Aragonese is covered under Part III of the Charter.
Download the latest Council of Europe report 2019 about Spain.
Aragonese is neither an official language in the whole of Spain nor in the Autonomous Community of Aragon, Spain. The Spanish constitution states that Castillian is the official language of Spain, but “other Spanish languages shall also be official in the respective autonomous communities in accordance with their Statutes” (Article 3). In response to this, several Autonomous Communities have made locally spoken languages official, but this has not happened for Aragonese.4)
In Spain, primary, and secondary education are regulated by the educational laws LOE (2006), and LOMCE (2013). These laws state that multilingual education is arranged in consultation with the Autonomous Communities.
In Aragon, the pre-school curriculum states that, in areas where Aragonese and Catalan are spoken, those languages will be used as medium of instruction and will receive similar treatment as Spanish.
The curriculum for primary education (2014) states that, in some Areas of Aragon, teaching Aragonese social and cultural heritage (including the Aragonese language) is compulsory, and can be offered as an elective examinational subject. Article 19 allows schools to teach regional language during school hours, and to use these languages as medium of instruction.5)
According to the LOMCE, the aim of compulsory secondary education is to ensure that students who are educated in the basic cultural elements, are able to develop and consolidate study and work habits and prepare for their incorporation into higher education or the labour market (Title I, Chapter III).
According to the LOMCE, the aim of the baccalaureate is to provide pupils with training, human- and intellectual maturity, knowledge and skills to enable them to develop social functions and to allow them to access higher education (Title I, Chapter IV).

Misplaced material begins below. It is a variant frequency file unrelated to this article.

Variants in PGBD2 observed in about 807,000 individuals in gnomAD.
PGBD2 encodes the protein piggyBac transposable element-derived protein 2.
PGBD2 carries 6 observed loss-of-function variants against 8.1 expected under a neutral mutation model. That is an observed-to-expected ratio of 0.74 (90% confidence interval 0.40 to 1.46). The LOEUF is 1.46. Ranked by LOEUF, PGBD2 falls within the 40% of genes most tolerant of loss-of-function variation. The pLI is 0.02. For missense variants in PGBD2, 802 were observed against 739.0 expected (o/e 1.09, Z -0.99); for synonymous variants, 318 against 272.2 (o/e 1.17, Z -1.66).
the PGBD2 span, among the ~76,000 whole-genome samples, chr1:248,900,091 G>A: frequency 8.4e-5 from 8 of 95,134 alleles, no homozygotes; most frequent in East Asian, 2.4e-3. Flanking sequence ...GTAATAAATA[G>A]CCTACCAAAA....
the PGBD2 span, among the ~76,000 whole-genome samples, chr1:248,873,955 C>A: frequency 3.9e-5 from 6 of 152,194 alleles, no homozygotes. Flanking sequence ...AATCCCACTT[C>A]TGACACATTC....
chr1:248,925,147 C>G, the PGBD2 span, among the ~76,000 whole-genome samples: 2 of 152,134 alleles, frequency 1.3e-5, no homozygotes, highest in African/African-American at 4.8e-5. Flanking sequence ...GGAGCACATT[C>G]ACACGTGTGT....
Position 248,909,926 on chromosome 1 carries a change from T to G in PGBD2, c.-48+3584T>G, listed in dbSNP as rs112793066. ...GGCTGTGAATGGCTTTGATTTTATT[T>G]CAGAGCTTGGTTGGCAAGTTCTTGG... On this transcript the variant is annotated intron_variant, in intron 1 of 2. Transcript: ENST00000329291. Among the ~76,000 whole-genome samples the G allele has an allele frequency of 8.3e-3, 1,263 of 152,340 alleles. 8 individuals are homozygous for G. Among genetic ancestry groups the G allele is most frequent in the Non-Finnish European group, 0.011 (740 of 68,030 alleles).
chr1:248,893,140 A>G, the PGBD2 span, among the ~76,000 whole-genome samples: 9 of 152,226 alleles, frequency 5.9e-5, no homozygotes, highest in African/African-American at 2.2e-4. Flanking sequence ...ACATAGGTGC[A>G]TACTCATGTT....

According to article 15 of the current LLA-2013, the government must ensure adequate initial and permanent training and, specifically, teacher training needed for the teaching of the regional languages. To access regional language teaching positions, teachers shall prove their knowledge of the language in the form that will be established by the regulation, taking into account the local varieties.
Though the curriculum states that Aragonese and Catalan are to be used as media of instruction in areas where these languages are spoken, language of instruction is Spanish in all cases. At some pre-school locations, Aragonese lessons are offered. Usually these locations are housed at primary schools, where primary school teachers also teach Aragonese at pre-school level. There are schools where all the children have to take Aragonese as a compulsory subject, where it is offered as a voluntary subject during regular class hours, and it is offered as a voluntary subject after school.